Found all over Malaysia, nasi kandar eateries are extremely popular, most open 24 hours and run by ethnic Indian Muslims.

10. Laksa

Laksa: Malaysia's greatest export.

Laksa: Malaysia’s greatest export.
A staple of Malaysian cuisine, laksa eateries have been migrating abroad, making appearances in Bangkok, Shanghai and further afield.
There are multiple variations. For anyone who enjoys a taste of the volcanic kind, this spicy noodle soup can get you there in its curry form.
Some like it with fish, others prawns.
Our favorite is Penang’s asam laksa, in which tamarind features heavily (“asam” is Malay for tamarind) to create a spicy-sour fish broth.

11. Popia basah (wet spring roll)

A hefty sort of spring roll, popia basah speaks to those in need of the familiar crispy snack, but without the added oil.
Not to be confused with wet rolls found in parts of Vietnam, popia basah comes complete with its own regional-specific flavor. In place of lettuce, the Malay wet spring roll has turnips, fried onions and bean sprouts.

12. Bubur (porridges)

Bubur vendors are easy to spot. They’re the stall with the giant steel pots and matching ladles.
The contents of these coconut milk-based, sometimes sugary soups include a medley of vegetables and meats, and even dyed balls of flour and coconut milk. There’s no standard recipe in preparing bubur — different regions boast their own specialty.

13. Roti jala

Curry and crepe make the perfect foodie couple

Curry and crepe make the perfect foodie couple
Roti jala, or net bread, gets its name from the net-like formation that’s created by making zigzagging lines with flour on a large skillet.
The final product is folded up like a crepe and usually served with chicken curry. Roti jala is eaten any time of the day.

14. Cendawan goreng (fried mushrooms)

Deep-fried fungus doesn’t get better than this. One version, cendawan goreng, is typically peppered with chili or barbecue seasoning, giving it its own sass.
Eaten as an appetizer or snack, with a meal or while on foot, this one will have you imagining what else you can fry — and how else it can be seasoned.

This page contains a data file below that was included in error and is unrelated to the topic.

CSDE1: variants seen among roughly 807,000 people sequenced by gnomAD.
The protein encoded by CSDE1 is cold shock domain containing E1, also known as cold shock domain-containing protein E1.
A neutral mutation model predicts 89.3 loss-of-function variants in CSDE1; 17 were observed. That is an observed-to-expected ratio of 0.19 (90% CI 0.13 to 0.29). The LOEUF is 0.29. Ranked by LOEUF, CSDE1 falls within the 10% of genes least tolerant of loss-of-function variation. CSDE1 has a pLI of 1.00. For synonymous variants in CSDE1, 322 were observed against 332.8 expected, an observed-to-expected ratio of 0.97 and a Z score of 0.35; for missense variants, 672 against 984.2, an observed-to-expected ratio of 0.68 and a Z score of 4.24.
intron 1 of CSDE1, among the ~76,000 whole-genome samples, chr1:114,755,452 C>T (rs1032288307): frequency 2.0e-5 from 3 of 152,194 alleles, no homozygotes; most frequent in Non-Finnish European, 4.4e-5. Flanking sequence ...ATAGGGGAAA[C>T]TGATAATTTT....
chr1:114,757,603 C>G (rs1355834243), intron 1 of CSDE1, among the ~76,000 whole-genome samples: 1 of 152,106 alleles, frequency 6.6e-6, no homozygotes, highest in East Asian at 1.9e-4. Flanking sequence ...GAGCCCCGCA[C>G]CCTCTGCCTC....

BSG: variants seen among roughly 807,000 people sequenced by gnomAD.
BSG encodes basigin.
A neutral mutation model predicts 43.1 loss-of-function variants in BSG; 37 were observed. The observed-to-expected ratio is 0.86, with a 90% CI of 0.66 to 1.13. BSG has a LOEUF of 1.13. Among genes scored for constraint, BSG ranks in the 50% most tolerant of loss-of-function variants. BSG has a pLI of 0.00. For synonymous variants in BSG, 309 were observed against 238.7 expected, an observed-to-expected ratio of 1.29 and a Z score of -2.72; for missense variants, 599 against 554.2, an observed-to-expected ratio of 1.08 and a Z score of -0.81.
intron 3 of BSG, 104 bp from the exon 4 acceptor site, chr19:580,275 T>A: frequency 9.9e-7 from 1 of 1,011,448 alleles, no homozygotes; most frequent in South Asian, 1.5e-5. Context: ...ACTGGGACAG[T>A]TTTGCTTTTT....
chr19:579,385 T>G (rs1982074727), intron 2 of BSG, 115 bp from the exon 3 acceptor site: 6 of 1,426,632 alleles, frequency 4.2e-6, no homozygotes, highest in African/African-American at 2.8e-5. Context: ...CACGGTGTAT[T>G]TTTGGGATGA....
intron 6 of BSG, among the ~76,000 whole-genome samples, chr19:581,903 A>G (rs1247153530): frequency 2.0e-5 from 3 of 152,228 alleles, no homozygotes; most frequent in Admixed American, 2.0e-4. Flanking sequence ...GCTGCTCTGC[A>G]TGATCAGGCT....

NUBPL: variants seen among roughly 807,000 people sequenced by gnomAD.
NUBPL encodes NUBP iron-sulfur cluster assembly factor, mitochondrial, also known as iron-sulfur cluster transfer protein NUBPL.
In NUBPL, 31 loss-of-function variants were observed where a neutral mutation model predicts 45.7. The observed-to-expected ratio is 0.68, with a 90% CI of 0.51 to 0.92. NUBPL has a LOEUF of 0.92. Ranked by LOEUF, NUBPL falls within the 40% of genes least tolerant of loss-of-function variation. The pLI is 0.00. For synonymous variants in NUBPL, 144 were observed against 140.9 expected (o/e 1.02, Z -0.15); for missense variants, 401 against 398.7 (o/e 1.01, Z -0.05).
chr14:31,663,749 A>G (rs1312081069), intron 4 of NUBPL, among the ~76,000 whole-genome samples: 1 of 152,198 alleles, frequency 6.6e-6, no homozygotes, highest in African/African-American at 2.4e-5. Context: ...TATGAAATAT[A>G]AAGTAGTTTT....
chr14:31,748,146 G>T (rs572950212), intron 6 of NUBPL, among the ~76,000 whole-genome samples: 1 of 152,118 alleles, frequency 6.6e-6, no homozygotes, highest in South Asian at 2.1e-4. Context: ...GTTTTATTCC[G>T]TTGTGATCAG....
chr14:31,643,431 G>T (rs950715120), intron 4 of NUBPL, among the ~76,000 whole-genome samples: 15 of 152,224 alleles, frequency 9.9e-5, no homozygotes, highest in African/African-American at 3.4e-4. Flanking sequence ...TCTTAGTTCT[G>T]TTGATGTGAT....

15. Sambal udang

Sambal udang is a Peranakan dish, created by descendants of 15th-and-16th-century Chinese immigrants.
The Baba Nyonya people, also known as Peranakan or Straits Chinese, are mainly of Chinese descent, originally from Fujian province in southeastern China. They settled along the coast of Malaysia mainly in Penang and Melaka, as well as parts of Thailand, Singapore and Indonesia. These days, they’re famous for their incredible food.
A popular Peranakan dish, sambal udang is all about prawns. Whole prawns are sent swimming into a delicious pool of sambal — chili paste — that’s flavored with prawn paste. The addition of tamarind juice gives it a tangy kick.

16. Murtabak

Murtabak will fill you up.

Murtabak will fill you up.
This pan-fried bread stuffed with minced meat and onions and dipped in spicy sauce is a meal and a half, only recommended to the famished.
Perfect murtabak is made with a robust amount of minced meat, so that the taste comes through on the first bite. So spicy-sour it’ll make your tongue curl!

17. Asam pedas

Nazlina Hussin, founder of the popular Penang cooking school Nazlina Spice Station, says it’d be outrageous not to include asam pedas on any short list of her country’s best foods.
A fish curry popular throughout peninsular Malaysia, it’s commonly made with freshwater fish or stingray.
Asam, which means tamarind, features heavily, along with ginger, shrimp paste, garlic, chilies and other herbs.

18. Lemang

Eaten with a meat or vegetable dish, lemang is glutinous rice mixed with coconut milk, which is cooked in bamboo.
The time-consuming process to make lemang starts by lining hollowed-out shoots with banana leaves. The bamboo is left over a fire to slowly cook the rice in a process known as tapai.
The result is sticky, wet rice that can, and regularly does, make a nice substitute for its plain Jane counterpart.

19. Otak-otak

Perhaps named by someone with an offbeat sense of humor, otak-otak translates as “brains” in Malay — but it gets this graphic moniker from its appearance, not its taste or ingredients.
This fish paste mixture of spices and diced onions is loosely wrapped in a banana leaf and barbecued over charcoal until the pinkish contents become warm and the leaves are slightly charred.
No fuss or frills when it comes to eating — picking at it straight from the leaf is the only way to do it.

20. Tepung pelita

A kind of kuih (Malay-style pastry), tepung pelita easily takes the cake when compared with its post-dinner relatives. At some point just about everyone has overindulged in this two-layered coconut milk-based sweet.
On the top layer, thick coconut milk with salt; on the bottom, a similar milky liquid mixed with sugar and pandan leaves to turn it green.
Served in bite-sized pandan leaf bowls, the packaging of tepung pelita makes it easy to fulfill those gluttonous desires.